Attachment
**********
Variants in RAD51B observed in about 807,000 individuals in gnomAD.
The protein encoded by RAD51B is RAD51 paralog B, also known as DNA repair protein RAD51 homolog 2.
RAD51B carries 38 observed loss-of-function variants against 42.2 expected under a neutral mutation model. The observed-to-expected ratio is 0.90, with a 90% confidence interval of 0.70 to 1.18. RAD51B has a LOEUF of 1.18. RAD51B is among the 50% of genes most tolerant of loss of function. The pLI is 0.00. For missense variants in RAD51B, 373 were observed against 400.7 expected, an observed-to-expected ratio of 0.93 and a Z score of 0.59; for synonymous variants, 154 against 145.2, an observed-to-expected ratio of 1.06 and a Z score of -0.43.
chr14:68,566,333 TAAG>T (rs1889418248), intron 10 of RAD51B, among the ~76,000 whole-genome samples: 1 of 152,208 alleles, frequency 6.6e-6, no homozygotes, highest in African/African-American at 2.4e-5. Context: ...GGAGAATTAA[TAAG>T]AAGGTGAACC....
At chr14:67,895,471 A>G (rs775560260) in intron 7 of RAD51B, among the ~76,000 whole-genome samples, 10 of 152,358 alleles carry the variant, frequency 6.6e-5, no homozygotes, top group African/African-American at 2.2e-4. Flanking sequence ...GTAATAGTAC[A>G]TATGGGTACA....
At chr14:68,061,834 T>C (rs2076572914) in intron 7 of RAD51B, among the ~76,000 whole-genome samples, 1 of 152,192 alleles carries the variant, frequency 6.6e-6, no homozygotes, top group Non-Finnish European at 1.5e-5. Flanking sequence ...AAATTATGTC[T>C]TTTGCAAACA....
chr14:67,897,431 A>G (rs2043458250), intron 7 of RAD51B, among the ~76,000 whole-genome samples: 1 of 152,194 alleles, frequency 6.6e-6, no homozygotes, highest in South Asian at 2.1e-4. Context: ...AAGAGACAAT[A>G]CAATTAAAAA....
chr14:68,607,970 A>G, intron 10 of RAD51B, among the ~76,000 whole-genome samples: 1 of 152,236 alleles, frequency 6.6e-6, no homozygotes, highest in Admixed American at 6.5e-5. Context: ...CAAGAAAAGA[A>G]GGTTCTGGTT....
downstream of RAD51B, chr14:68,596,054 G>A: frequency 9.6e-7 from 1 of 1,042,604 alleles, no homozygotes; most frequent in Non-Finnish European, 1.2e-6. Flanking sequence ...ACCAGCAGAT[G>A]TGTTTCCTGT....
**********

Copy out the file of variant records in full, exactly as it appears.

Variants in RAD51B observed in about 807,000 individuals in gnomAD.
The protein encoded by RAD51B is RAD51 paralog B, also known as DNA repair protein RAD51 homolog 2.
RAD51B carries 38 observed loss-of-function variants against 42.2 expected under a neutral mutation model. The observed-to-expected ratio is 0.90, with a 90% confidence interval of 0.70 to 1.18. RAD51B has a LOEUF of 1.18. RAD51B is among the 50% of genes most tolerant of loss of function. The pLI is 0.00. For missense variants in RAD51B, 373 were observed against 400.7 expected, an observed-to-expected ratio of 0.93 and a Z score of 0.59; for synonymous variants, 154 against 145.2, an observed-to-expected ratio of 1.06 and a Z score of -0.43.
chr14:68,566,333 TAAG>T (rs1889418248), intron 10 of RAD51B, among the ~76,000 whole-genome samples: 1 of 152,208 alleles, frequency 6.6e-6, no homozygotes, highest in African/African-American at 2.4e-5. Context: ...GGAGAATTAA[TAAG>T]AAGGTGAACC....
At chr14:67,895,471 A>G (rs775560260) in intron 7 of RAD51B, among the ~76,000 whole-genome samples, 10 of 152,358 alleles carry the variant, frequency 6.6e-5, no homozygotes, top group African/African-American at 2.2e-4. Flanking sequence ...GTAATAGTAC[A>G]TATGGGTACA....
At chr14:68,061,834 T>C (rs2076572914) in intron 7 of RAD51B, among the ~76,000 whole-genome samples, 1 of 152,192 alleles carries the variant, frequency 6.6e-6, no homozygotes, top group Non-Finnish European at 1.5e-5. Flanking sequence ...AAATTATGTC[T>C]TTTGCAAACA....
chr14:67,897,431 A>G (rs2043458250), intron 7 of RAD51B, among the ~76,000 whole-genome samples: 1 of 152,194 alleles, frequency 6.6e-6, no homozygotes, highest in South Asian at 2.1e-4. Context: ...AAGAGACAAT[A>G]CAATTAAAAA....
chr14:68,607,970 A>G, intron 10 of RAD51B, among the ~76,000 whole-genome samples: 1 of 152,236 alleles, frequency 6.6e-6, no homozygotes, highest in Admixed American at 6.5e-5. Context: ...CAAGAAAAGA[A>G]GGTTCTGGTT....
downstream of RAD51B, chr14:68,596,054 G>A: frequency 9.6e-7 from 1 of 1,042,604 alleles, no homozygotes; most frequent in Non-Finnish European, 1.2e-6. Flanking sequence ...ACCAGCAGAT[G>A]TGTTTCCTGT....